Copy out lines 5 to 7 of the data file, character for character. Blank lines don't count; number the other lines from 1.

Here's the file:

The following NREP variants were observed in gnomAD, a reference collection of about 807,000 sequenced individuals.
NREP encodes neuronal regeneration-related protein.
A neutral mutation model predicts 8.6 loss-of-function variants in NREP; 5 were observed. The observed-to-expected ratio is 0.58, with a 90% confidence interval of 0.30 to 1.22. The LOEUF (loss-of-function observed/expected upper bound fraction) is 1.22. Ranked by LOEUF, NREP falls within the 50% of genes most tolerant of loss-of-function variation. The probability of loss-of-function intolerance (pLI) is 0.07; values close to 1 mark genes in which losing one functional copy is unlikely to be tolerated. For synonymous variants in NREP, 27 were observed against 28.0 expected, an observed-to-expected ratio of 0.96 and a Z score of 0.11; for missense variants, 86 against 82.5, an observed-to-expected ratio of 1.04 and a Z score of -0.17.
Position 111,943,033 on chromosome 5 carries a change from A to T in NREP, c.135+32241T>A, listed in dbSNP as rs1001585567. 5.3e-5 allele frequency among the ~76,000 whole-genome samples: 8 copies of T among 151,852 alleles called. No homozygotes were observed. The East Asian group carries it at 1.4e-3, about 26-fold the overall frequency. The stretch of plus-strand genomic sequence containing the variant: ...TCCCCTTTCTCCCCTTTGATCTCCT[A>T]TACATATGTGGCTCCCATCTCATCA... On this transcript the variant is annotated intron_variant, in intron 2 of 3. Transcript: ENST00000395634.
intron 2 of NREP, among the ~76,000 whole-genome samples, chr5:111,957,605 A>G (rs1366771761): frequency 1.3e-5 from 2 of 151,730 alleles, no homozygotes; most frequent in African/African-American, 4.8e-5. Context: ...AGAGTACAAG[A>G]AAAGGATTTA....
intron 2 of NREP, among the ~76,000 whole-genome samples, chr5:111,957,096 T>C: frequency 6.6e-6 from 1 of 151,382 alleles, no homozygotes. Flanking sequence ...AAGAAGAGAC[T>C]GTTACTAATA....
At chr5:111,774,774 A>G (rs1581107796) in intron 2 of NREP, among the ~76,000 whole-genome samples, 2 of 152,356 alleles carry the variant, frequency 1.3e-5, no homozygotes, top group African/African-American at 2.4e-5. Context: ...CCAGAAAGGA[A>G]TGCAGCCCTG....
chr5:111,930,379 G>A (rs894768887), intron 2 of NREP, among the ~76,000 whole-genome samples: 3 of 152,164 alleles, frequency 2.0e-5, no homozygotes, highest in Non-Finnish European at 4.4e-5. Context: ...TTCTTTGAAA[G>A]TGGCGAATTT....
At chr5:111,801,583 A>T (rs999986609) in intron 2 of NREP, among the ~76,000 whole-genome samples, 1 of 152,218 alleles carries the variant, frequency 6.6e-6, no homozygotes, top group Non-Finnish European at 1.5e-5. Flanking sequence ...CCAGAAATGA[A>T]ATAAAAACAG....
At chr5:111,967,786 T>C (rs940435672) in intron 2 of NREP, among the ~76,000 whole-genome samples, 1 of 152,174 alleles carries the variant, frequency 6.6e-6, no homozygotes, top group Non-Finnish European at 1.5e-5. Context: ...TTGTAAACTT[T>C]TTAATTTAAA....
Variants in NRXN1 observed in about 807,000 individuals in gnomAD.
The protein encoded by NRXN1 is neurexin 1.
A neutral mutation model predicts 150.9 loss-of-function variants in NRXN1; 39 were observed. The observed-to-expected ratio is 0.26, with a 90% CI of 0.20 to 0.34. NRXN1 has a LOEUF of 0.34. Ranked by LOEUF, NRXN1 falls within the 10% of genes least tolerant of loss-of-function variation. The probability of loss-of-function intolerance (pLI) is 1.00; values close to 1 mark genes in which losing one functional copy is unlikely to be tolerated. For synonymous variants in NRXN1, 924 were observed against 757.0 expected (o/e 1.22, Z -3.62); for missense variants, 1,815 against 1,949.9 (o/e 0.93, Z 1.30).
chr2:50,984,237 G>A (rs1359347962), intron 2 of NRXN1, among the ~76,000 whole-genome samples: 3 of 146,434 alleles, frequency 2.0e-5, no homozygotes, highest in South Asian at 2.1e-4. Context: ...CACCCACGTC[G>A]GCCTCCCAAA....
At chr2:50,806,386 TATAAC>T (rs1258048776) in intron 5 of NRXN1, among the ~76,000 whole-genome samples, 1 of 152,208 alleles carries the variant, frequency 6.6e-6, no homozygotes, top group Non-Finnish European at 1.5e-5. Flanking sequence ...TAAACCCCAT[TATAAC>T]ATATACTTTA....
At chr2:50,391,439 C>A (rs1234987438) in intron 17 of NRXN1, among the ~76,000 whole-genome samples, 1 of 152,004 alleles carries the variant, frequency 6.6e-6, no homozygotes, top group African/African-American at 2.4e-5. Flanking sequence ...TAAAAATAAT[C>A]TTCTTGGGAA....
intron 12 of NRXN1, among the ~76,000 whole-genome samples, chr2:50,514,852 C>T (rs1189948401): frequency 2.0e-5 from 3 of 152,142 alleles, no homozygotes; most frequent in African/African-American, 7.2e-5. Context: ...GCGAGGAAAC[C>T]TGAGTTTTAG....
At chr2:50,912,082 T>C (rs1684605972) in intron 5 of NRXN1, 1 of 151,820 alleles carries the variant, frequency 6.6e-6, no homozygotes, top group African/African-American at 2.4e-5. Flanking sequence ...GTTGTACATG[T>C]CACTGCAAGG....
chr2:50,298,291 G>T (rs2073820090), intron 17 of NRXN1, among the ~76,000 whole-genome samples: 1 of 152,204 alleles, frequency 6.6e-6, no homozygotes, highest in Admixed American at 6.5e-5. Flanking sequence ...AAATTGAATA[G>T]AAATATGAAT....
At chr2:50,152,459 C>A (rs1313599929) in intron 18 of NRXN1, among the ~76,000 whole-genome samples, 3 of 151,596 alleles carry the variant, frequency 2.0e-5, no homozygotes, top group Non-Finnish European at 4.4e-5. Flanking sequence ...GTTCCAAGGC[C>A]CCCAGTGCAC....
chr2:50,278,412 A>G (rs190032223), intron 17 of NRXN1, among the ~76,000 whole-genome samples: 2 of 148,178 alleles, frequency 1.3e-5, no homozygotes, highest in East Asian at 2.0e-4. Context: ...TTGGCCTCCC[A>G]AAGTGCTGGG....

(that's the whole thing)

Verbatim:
intron 2 of NREP, among the ~76,000 whole-genome samples, chr5:111,957,605 A>G (rs1366771761): frequency 1.3e-5 from 2 of 151,730 alleles, no homozygotes; most frequent in African/African-American, 4.8e-5. Context: ...AGAGTACAAG[A>G]AAAGGATTTA....
intron 2 of NREP, among the ~76,000 whole-genome samples, chr5:111,957,096 T>C: frequency 6.6e-6 from 1 of 151,382 alleles, no homozygotes. Flanking sequence ...AAGAAGAGAC[T>C]GTTACTAATA....
At chr5:111,774,774 A>G (rs1581107796) in intron 2 of NREP, among the ~76,000 whole-genome samples, 2 of 152,356 alleles carry the variant, frequency 1.3e-5, no homozygotes, top group African/African-American at 2.4e-5. Context: ...CCAGAAAGGA[A>G]TGCAGCCCTG....